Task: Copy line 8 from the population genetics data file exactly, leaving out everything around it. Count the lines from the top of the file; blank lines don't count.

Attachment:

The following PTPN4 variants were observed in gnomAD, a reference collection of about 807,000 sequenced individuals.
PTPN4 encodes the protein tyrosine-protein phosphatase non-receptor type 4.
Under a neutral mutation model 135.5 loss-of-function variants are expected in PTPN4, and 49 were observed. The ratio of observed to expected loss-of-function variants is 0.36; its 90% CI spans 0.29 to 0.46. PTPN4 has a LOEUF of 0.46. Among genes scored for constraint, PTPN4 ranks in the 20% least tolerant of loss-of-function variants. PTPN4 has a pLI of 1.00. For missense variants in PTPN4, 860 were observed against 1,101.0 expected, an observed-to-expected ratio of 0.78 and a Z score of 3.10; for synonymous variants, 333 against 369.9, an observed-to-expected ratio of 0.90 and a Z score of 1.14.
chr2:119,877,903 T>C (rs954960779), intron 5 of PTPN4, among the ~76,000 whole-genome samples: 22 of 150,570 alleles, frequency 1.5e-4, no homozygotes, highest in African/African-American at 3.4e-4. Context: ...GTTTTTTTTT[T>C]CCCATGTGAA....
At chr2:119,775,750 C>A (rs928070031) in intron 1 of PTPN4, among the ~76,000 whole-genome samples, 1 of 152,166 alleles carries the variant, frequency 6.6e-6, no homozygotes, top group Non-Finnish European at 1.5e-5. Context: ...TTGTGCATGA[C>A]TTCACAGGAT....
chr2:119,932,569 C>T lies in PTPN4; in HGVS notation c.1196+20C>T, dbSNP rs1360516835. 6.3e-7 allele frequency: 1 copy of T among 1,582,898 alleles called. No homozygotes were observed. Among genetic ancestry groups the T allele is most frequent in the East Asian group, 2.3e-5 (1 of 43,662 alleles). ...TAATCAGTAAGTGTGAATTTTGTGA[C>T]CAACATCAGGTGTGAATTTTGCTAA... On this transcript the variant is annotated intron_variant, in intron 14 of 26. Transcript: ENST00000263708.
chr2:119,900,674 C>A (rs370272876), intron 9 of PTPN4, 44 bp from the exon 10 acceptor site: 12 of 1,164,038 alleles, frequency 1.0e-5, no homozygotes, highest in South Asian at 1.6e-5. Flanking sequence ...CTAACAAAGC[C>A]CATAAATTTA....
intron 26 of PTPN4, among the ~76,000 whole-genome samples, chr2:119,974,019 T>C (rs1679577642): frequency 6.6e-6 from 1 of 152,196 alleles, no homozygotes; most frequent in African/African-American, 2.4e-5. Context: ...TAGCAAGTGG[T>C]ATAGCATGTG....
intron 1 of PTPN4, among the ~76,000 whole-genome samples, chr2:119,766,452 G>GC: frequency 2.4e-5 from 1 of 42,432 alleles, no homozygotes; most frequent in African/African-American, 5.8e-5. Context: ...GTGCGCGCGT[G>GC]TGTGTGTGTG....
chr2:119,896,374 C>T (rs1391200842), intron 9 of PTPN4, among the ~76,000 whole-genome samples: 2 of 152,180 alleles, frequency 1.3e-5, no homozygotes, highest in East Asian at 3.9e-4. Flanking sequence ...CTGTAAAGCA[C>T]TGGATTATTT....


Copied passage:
intron 26 of PTPN4, among the ~76,000 whole-genome samples, chr2:119,974,019 T>C (rs1679577642): frequency 6.6e-6 from 1 of 152,196 alleles, no homozygotes; most frequent in African/African-American, 2.4e-5. Context: ...TAGCAAGTGG[T>C]ATAGCATGTG....